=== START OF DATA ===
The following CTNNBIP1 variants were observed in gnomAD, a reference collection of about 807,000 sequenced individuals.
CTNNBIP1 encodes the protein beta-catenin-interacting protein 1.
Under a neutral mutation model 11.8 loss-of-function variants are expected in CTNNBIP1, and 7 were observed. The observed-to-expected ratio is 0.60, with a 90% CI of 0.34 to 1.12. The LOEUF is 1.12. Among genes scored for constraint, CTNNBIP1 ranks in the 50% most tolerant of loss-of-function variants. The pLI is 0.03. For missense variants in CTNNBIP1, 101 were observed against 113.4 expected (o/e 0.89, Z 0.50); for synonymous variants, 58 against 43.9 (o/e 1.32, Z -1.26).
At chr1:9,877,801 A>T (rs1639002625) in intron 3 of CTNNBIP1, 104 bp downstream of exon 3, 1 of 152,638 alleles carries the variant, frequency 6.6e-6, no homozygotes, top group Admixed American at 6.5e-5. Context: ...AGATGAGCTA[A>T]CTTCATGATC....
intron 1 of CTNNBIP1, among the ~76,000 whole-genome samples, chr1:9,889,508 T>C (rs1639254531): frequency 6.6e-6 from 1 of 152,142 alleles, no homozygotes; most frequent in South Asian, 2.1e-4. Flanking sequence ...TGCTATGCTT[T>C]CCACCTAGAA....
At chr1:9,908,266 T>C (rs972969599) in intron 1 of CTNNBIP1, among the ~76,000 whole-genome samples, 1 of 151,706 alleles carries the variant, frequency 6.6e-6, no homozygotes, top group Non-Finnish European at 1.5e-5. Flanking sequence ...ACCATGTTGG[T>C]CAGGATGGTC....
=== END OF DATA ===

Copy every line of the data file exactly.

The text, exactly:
The following CTNNBIP1 variants were observed in gnomAD, a reference collection of about 807,000 sequenced individuals.
CTNNBIP1 encodes the protein beta-catenin-interacting protein 1.
Under a neutral mutation model 11.8 loss-of-function variants are expected in CTNNBIP1, and 7 were observed. The observed-to-expected ratio is 0.60, with a 90% CI of 0.34 to 1.12. The LOEUF is 1.12. Among genes scored for constraint, CTNNBIP1 ranks in the 50% most tolerant of loss-of-function variants. The pLI is 0.03. For missense variants in CTNNBIP1, 101 were observed against 113.4 expected (o/e 0.89, Z 0.50); for synonymous variants, 58 against 43.9 (o/e 1.32, Z -1.26).
At chr1:9,877,801 A>T (rs1639002625) in intron 3 of CTNNBIP1, 104 bp downstream of exon 3, 1 of 152,638 alleles carries the variant, frequency 6.6e-6, no homozygotes, top group Admixed American at 6.5e-5. Context: ...AGATGAGCTA[A>T]CTTCATGATC....
intron 1 of CTNNBIP1, among the ~76,000 whole-genome samples, chr1:9,889,508 T>C (rs1639254531): frequency 6.6e-6 from 1 of 152,142 alleles, no homozygotes; most frequent in South Asian, 2.1e-4. Flanking sequence ...TGCTATGCTT[T>C]CCACCTAGAA....
At chr1:9,908,266 T>C (rs972969599) in intron 1 of CTNNBIP1, among the ~76,000 whole-genome samples, 1 of 151,706 alleles carries the variant, frequency 6.6e-6, no homozygotes, top group Non-Finnish European at 1.5e-5. Flanking sequence ...ACCATGTTGG[T>C]CAGGATGGTC....